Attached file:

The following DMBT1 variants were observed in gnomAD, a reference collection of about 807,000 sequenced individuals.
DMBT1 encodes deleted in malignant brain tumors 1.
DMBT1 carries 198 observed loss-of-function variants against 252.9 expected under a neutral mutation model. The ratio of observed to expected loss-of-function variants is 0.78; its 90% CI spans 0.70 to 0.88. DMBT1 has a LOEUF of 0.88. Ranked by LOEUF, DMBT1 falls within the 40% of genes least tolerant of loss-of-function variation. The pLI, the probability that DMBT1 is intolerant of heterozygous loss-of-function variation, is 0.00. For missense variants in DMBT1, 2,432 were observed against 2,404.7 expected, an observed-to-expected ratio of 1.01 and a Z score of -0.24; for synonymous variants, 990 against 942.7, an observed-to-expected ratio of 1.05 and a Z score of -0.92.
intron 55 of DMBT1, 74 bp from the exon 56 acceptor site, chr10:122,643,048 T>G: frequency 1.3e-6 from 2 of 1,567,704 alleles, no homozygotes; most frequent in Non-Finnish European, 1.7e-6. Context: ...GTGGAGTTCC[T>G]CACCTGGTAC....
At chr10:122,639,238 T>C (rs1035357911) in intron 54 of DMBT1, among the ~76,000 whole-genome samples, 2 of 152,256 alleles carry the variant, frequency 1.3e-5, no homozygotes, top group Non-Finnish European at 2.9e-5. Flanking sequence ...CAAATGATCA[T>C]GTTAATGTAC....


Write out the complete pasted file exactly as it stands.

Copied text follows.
The following DMBT1 variants were observed in gnomAD, a reference collection of about 807,000 sequenced individuals.
DMBT1 encodes deleted in malignant brain tumors 1.
DMBT1 carries 198 observed loss-of-function variants against 252.9 expected under a neutral mutation model. The ratio of observed to expected loss-of-function variants is 0.78; its 90% CI spans 0.70 to 0.88. DMBT1 has a LOEUF of 0.88. Ranked by LOEUF, DMBT1 falls within the 40% of genes least tolerant of loss-of-function variation. The pLI, the probability that DMBT1 is intolerant of heterozygous loss-of-function variation, is 0.00. For missense variants in DMBT1, 2,432 were observed against 2,404.7 expected, an observed-to-expected ratio of 1.01 and a Z score of -0.24; for synonymous variants, 990 against 942.7, an observed-to-expected ratio of 1.05 and a Z score of -0.92.
intron 55 of DMBT1, 74 bp from the exon 56 acceptor site, chr10:122,643,048 T>G: frequency 1.3e-6 from 2 of 1,567,704 alleles, no homozygotes; most frequent in Non-Finnish European, 1.7e-6. Context: ...GTGGAGTTCC[T>G]CACCTGGTAC....
At chr10:122,639,238 T>C (rs1035357911) in intron 54 of DMBT1, among the ~76,000 whole-genome samples, 2 of 152,256 alleles carry the variant, frequency 1.3e-5, no homozygotes, top group Non-Finnish European at 2.9e-5. Flanking sequence ...CAAATGATCA[T>C]GTTAATGTAC....